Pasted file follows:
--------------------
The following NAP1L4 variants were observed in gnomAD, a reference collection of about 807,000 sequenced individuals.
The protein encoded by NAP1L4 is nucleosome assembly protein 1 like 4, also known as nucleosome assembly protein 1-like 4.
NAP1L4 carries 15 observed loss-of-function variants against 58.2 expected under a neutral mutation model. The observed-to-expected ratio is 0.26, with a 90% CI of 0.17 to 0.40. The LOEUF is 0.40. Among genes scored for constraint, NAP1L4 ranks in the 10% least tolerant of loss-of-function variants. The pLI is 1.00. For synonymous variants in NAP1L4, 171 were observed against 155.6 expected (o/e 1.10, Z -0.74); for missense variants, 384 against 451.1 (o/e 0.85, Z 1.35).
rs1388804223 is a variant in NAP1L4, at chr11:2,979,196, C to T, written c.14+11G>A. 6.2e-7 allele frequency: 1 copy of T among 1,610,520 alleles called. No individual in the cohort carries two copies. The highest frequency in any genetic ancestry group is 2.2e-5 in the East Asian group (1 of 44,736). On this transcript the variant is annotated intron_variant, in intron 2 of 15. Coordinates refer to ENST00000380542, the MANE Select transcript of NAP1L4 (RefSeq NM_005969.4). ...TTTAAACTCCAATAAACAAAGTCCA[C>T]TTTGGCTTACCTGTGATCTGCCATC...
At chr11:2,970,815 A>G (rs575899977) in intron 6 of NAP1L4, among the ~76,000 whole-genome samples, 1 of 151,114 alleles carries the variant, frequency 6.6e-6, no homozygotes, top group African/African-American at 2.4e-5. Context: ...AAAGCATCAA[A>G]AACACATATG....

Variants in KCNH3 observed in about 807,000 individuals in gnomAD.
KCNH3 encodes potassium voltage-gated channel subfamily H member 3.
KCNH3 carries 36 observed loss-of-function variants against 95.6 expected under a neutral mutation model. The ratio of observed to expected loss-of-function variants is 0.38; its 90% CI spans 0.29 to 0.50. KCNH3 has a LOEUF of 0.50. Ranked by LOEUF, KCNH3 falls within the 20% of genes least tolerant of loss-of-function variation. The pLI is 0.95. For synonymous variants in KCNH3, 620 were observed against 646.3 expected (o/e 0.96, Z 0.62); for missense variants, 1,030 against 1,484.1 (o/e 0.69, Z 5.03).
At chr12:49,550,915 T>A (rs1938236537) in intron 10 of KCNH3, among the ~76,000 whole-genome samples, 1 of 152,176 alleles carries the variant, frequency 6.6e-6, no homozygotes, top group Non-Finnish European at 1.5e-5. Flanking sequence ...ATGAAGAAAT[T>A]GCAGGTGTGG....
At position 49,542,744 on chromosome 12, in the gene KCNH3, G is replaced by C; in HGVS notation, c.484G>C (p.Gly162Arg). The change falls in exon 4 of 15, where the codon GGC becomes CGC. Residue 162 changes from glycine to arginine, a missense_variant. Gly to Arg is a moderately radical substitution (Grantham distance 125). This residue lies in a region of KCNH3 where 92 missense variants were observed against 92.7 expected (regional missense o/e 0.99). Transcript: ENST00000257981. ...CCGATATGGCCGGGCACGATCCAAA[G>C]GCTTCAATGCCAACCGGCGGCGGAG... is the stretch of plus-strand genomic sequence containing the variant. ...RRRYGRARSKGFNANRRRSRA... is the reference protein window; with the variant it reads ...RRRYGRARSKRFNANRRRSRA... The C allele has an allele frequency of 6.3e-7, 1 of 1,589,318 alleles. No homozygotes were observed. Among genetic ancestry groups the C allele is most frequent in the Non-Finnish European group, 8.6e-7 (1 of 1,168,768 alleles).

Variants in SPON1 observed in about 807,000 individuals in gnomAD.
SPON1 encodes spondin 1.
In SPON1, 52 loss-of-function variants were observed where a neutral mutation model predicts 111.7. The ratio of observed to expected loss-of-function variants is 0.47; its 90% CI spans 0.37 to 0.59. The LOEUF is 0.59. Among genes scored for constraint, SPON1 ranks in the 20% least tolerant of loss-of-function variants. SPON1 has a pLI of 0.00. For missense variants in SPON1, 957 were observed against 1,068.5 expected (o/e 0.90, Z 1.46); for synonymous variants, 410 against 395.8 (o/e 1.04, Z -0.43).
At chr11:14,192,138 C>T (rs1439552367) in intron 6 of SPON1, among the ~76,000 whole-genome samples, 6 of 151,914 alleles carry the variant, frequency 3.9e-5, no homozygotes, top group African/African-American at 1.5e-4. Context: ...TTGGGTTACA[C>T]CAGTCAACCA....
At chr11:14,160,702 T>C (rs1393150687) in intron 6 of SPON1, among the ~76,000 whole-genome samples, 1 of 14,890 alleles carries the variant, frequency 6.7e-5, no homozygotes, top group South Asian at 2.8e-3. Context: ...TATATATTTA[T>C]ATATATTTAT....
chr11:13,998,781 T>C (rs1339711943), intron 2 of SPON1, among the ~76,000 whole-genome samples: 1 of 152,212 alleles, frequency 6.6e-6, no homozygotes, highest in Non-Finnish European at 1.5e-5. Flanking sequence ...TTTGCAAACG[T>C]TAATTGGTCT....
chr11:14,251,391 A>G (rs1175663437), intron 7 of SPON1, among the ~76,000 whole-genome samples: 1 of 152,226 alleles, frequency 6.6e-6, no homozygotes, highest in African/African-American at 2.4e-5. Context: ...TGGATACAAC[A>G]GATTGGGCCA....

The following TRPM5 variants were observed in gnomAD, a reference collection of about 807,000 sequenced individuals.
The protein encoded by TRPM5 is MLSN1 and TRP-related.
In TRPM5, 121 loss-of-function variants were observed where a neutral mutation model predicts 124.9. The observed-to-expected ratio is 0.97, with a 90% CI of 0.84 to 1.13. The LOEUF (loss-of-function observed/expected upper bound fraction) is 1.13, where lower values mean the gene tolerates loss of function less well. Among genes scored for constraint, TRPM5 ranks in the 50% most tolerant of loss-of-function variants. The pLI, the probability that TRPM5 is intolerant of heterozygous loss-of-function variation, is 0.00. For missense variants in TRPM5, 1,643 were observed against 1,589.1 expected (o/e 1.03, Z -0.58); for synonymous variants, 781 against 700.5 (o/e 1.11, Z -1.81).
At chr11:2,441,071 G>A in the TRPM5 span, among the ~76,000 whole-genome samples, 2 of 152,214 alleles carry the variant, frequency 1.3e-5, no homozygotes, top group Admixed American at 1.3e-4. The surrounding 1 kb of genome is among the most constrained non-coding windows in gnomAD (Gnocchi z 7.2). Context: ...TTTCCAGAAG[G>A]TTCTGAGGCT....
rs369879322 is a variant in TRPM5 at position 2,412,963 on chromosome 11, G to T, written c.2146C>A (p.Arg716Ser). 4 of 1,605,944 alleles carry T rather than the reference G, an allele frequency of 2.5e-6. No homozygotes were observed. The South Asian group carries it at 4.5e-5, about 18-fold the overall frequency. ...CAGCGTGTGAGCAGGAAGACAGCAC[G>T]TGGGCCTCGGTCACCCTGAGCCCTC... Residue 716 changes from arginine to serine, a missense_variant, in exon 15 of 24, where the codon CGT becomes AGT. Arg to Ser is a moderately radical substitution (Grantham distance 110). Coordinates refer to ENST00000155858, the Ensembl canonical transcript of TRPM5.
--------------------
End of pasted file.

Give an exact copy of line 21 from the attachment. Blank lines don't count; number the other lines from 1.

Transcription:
At chr11:2,441,071 G>A in the TRPM5 span, among the ~76,000 whole-genome samples, 2 of 152,214 alleles carry the variant, frequency 1.3e-5, no homozygotes, top group Admixed American at 1.3e-4. The surrounding 1 kb of genome is among the most constrained non-coding windows in gnomAD (Gnocchi z 7.2). Context: ...TTTCCAGAAG[G>A]TTCTGAGGCT....